Don’t Hate the Player, Hate the Game

Via engadget, here’s an IP-related story that brings me back to middle school. A redditor who (currently) goes under the handle XsimonbelmontX has clearly spent a lot of time building and testing a board game based on one of my favorite 8-bit side-scrolling platformers from the 1980s, Castlevania:

It’s an impressive bit of work. The game involves co-operative play, and in addition to the progressive board game format it seems to incorporate elements of card-based role playing games like Magic: The Gathering in addition to die-based roleplaying elements reminiscent of Dungeons & Dragons. Responses on Reddit are quite positive; the general tenor is captured by the current leading comment, from redditor “Canadianized” which reads: “I would buy the fuck out of this.”

But of course, Canadianized can’t buy XsimonbelmontX’s game, because it’s not available for sale–there’s just the one prototype.  And some redditors, predictably, blame IP (see here, and here). But the IP story appears to be somewhat complicated.

XsimonbelmontX suggests in one thread that there are “licensing issues” that would need to be worked out with Konami (the original developer of the Castlevania series) before attempting a crowdfunded offering of the game, but then in another thread says that he had discussed the game with the licensing agent for Castlevania, and that “It wasn’t a matter of licensing at all, we had a few conversations, and they seemed really interested in the idea, but I think it ended up being a matter of production cost.” It’s unclear exactly what’s going on here, but it seems at least plausible that the obstacle to commercialization of this board game is not intellectual property licensing, but plain old supply and demand. One redditor may be willing to pay as much as 80 dollars for this game, but it may well cost more than that to manufacture and distribute (certainly with the production methods that went into the prototype). Rather than Konami seeking a royalty that would act as a tax on XsimonbelmontX’s production of this game, XsimonbelmontX is the one looking for a return on his/her creative effort alone, and is looking to Konami (or its licensee) to bear the cost (and risk) of commercialization. And it just doesn’t seem to be worth the risk. So the game won’t be made.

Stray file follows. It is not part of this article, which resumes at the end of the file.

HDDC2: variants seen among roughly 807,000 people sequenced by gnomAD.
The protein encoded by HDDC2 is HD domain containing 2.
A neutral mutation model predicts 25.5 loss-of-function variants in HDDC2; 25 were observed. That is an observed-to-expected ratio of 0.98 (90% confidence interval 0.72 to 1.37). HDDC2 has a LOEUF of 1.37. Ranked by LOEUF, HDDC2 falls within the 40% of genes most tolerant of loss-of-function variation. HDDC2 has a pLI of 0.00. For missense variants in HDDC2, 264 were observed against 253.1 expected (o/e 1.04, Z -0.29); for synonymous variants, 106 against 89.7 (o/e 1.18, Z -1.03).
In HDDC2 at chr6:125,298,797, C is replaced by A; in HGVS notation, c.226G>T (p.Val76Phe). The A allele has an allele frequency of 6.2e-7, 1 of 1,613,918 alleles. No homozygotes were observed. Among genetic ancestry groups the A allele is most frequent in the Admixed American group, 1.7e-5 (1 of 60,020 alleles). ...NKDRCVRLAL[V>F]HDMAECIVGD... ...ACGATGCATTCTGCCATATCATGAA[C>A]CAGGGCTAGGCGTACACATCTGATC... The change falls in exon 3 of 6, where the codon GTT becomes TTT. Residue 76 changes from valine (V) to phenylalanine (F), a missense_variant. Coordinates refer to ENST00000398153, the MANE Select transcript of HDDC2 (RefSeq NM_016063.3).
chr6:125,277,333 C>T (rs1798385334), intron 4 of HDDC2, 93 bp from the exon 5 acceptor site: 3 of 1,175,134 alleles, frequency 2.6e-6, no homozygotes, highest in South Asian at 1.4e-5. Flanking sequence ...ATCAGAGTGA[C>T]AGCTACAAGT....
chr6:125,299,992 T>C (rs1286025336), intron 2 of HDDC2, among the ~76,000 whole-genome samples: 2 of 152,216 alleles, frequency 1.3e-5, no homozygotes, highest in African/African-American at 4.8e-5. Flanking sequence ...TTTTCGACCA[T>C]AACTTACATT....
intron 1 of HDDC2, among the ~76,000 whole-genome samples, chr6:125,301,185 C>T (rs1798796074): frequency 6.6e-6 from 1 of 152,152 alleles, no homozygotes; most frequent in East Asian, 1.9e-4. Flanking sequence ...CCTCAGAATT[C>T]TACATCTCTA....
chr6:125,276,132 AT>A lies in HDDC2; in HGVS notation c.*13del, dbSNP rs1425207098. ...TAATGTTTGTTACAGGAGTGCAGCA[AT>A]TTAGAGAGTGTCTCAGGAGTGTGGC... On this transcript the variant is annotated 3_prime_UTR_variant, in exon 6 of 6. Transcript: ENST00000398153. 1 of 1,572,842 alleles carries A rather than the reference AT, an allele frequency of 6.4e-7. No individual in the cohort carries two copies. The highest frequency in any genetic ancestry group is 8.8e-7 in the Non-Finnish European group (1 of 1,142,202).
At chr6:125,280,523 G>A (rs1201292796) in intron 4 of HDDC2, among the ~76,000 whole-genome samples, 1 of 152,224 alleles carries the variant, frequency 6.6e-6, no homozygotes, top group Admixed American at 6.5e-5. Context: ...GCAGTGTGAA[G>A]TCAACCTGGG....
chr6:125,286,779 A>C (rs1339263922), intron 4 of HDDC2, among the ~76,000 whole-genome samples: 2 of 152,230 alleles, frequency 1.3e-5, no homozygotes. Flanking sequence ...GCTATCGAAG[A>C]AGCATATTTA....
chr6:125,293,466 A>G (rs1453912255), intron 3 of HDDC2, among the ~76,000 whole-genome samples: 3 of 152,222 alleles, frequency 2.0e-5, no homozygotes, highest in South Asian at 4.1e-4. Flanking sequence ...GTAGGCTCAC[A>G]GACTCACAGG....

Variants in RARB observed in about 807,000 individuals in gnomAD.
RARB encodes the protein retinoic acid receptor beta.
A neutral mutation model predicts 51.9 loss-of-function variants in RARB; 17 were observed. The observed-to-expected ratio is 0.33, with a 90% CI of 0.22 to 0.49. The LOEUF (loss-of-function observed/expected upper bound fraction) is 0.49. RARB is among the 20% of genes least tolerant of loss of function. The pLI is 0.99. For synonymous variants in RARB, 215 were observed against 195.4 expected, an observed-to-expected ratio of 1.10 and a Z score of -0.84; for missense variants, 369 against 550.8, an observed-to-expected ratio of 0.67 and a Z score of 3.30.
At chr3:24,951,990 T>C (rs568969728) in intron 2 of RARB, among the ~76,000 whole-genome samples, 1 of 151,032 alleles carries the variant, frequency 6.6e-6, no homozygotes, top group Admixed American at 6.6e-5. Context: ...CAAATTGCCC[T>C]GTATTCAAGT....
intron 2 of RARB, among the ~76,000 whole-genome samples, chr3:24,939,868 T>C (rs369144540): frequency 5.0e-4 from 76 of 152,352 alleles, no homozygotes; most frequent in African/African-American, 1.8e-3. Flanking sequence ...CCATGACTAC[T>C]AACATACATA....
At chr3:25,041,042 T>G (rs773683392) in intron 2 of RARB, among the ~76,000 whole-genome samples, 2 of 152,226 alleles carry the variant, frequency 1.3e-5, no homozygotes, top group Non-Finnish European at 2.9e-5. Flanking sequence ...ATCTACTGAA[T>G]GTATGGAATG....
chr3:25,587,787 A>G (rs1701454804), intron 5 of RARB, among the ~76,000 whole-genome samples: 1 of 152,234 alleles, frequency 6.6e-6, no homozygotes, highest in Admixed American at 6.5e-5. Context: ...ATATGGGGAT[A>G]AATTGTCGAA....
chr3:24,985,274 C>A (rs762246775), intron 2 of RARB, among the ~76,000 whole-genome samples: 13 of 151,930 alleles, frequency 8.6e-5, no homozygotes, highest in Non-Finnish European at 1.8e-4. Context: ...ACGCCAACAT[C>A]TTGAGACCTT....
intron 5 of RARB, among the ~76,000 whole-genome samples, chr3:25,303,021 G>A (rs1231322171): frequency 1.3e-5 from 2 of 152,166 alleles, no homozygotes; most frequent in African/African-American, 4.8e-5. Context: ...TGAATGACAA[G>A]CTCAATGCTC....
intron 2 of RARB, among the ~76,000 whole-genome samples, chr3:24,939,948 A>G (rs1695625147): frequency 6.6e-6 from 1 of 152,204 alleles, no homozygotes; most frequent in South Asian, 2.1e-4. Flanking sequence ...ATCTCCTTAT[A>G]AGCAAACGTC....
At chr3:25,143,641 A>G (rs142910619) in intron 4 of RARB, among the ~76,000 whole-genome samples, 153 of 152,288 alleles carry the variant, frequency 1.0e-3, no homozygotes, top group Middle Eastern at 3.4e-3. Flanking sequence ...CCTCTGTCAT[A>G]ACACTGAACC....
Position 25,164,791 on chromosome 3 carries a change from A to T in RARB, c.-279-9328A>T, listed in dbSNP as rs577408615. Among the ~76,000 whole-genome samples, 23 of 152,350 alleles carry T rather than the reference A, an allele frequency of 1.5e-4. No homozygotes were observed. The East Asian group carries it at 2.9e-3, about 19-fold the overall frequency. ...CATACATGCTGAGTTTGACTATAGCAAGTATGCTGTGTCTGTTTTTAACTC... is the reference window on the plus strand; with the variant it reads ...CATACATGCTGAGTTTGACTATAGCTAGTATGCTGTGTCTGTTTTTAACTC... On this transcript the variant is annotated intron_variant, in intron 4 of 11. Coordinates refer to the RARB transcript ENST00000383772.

None of which is to say that anyone is acting wrongly here. Just that the IP story is a complex one. In a world without IP, XsimonbelmontX might be facing as much or more trouble assembling sufficient capital to manufacture this board game commercially. If the costs of production are high and the demand isn’t sufficient to recoup them, the game isn’t worth making, and no rational investor would back the project. Conversely, the fact that Konami could invoke copyright and trademark rights to block such commercialization that makes them the obvious choice for a capital investment–XsimonbelmontX might need their permission anyway–but it also gives them an incentive to do so–their other Castlevania properties stand to enjoy positive spillovers from the success of a high-quality board game using the elements of their IP.

But In a world without IP rights, where Konami continues to market its own original works, those positive spillovers would exist regardless, and might provide a significant incentive to bankrolling XsimonbelmontX’s board game project. So IP doesn’t seem to be the deciding factor in this story. This seems to be a circumstance where IP rights are not getting in the way, but that outcome seems to depend on at least two factors: (1) the IP owner’s rational willingness to license the original work for uses that promise to generate positive economic returns; and (2) a derivative/transformative work that promises to increase the value of the work from which it is derived. These two conditions do not obtain in every case involving derivative/transformative works, which is why organizations dedicated to fostering creativity that builds on existing works of expression–like the Organization for Transformative Works–have a vital role to play.